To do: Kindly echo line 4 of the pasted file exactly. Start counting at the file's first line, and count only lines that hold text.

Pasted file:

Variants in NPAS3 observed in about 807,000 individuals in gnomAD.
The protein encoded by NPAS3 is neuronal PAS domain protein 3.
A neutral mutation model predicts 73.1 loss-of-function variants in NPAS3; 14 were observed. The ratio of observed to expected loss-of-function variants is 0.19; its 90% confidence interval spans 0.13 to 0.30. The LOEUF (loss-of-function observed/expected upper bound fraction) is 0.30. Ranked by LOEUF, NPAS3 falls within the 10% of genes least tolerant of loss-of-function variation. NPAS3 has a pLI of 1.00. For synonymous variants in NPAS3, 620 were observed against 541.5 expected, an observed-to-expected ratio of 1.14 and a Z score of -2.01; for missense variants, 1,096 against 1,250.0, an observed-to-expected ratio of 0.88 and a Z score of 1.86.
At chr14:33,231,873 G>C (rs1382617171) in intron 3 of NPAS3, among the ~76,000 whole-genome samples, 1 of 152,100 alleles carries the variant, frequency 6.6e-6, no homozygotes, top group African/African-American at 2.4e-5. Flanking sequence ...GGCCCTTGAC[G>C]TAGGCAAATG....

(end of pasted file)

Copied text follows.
At chr14:33,231,873 G>C (rs1382617171) in intron 3 of NPAS3, among the ~76,000 whole-genome samples, 1 of 152,100 alleles carries the variant, frequency 6.6e-6, no homozygotes, top group African/African-American at 2.4e-5. Flanking sequence ...GGCCCTTGAC[G>C]TAGGCAAATG....